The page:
In 1970, Joni Mitchell recorded the song “Big Yellow Taxi,” which contained the immortal words, “don’t it always seem to go, that we don’t know what we’ve got ’til it’s gone.” I think the lyrics referred to the breakdown of a relationship but recent events made me think of them.
On September 27th, 2023, it was announced that the famous Sycamore Gap Tree had been felled in what appeared to be an act of vandalism. The tree had been an iconic feature in the landscape for more than 200 years.
While it is undeniably sad and shocking, it’s also quite intriguing how the event has resonated with people all over the world. Many individuals in both the UK and abroad probably weren’t aware of the tree’s existence until it ceased to exist itself.
Within a few days, there was a need to appeal to the public to stop visiting the site, now referred to as “the former Sycamore Gap.” It might seem like a strange phenomenon, but a similar occurrence took place in 1911 when Leonardo Da Vinci’s painting of the Mona Lisa was stolen. If you’re wondering how one of the world’s most well-known paintings could have been so unprotected, one of the reasons was that it wasn’t particularly famous until the theft occurred and was reported in the world press. As a result, throngs of people flocked to the Louvre simply to observe the empty spot on the wall.
Is there a lesson to be learned here? Is it that we sometimes or maybe often, fail to truly appreciate what we have until it’s no longer there. Please don’t think I lack empathy for the heart-wrenching and seemingly senseless loss that has occurred, I too am deeply saddened by it.
However, I can’t help but wonder if something positive could emerge from this tragedy. Here’s a fantastical thought, imagine someone formed a movement based on “Sycamore Trees Matter” campaign, would the instant public response be, ‘but all trees matter!’ And of course, that is the point, they do!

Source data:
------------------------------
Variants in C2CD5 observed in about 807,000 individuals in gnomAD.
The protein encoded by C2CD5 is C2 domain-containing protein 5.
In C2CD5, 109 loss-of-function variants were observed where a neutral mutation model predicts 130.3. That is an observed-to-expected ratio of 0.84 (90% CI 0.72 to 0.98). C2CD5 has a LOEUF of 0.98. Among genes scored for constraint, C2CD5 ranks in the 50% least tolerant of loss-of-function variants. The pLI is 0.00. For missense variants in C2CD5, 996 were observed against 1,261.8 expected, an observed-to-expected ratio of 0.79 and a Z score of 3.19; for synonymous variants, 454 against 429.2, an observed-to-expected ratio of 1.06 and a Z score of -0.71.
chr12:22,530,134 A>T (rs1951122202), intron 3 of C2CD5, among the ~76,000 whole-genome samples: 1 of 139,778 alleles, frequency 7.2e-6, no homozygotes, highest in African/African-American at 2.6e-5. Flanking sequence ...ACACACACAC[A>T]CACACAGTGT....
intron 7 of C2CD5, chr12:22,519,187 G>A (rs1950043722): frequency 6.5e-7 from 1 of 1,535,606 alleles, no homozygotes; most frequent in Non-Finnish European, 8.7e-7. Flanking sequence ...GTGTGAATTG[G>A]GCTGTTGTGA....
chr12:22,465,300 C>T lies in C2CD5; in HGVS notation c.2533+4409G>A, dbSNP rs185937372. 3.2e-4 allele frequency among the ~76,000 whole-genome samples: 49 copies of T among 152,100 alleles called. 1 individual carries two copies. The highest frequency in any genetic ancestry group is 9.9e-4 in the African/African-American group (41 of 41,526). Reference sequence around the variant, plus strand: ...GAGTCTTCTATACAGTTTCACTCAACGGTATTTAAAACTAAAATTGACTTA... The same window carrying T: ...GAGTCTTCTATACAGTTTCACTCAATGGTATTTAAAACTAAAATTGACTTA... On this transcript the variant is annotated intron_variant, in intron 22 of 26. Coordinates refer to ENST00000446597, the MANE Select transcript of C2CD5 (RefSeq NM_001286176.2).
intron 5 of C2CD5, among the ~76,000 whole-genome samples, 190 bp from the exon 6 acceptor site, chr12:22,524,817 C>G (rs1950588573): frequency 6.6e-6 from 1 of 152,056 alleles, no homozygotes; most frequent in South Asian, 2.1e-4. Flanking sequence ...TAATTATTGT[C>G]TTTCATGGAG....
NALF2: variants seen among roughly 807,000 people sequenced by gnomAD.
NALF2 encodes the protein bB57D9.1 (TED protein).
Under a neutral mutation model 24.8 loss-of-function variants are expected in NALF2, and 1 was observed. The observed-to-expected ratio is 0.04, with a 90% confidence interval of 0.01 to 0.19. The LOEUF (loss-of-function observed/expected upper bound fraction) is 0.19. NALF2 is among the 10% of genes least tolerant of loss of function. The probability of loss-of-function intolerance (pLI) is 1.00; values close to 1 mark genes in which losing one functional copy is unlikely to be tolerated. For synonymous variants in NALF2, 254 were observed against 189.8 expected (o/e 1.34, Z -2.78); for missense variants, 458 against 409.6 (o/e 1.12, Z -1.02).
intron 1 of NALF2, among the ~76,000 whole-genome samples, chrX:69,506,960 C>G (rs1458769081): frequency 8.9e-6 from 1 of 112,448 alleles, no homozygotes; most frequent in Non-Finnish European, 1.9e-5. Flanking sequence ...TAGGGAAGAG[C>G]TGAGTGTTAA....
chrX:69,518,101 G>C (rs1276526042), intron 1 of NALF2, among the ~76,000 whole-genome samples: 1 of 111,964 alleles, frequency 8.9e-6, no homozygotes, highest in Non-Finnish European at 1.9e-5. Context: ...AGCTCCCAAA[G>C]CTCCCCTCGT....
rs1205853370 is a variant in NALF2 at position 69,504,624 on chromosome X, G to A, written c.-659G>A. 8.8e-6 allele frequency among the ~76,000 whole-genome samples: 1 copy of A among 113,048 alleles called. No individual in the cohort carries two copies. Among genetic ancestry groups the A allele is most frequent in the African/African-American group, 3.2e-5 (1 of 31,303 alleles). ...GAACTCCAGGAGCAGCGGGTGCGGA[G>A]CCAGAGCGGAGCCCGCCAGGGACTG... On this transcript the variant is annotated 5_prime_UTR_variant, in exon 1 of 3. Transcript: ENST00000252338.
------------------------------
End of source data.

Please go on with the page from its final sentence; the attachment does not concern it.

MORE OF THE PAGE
So, might this be an opportune moment to also mourn for the estimated BILLIONS of trees that are felled each year in our global rainforests? According to Global Forest Watch 15 billion trees are cut down every year. In 2019 by using satellite imagery, they estimated a global tree loss of 24 million hectares, an area the size of the UK.
Apart from their beauty and historical value, trees provide habitats for animals and insects, and generate the oxygen vital for our planet. We quite literally cannot survive without them.
I am saddened by the loss of the Sycamore Gap tree, but perhaps it takes one tree to make us appreciate all trees. That exact Sycamore can never be replaced but could it become a symbol for all the trees across the world. Can a seemingly pointless act create a response that helps protect all trees. Might our response be to plant a tree or support tree planting initiatives worldwide, or even just appreciate and protect the trees that remain.
And then maybe, just maybe, the other words from Joni’s song, “they paved paradise and put up a parking lot,” won’t come true. Trees Matter.
A WHICHblance of thoughts – these are my musings on topics, themes and questions that occur during my participation on the MA of Spirituality, Ecology & Mental Health at Buckinghamshire New University, High Wycombe, UK. I appreciate any (polite!) views and comments you might wish to share.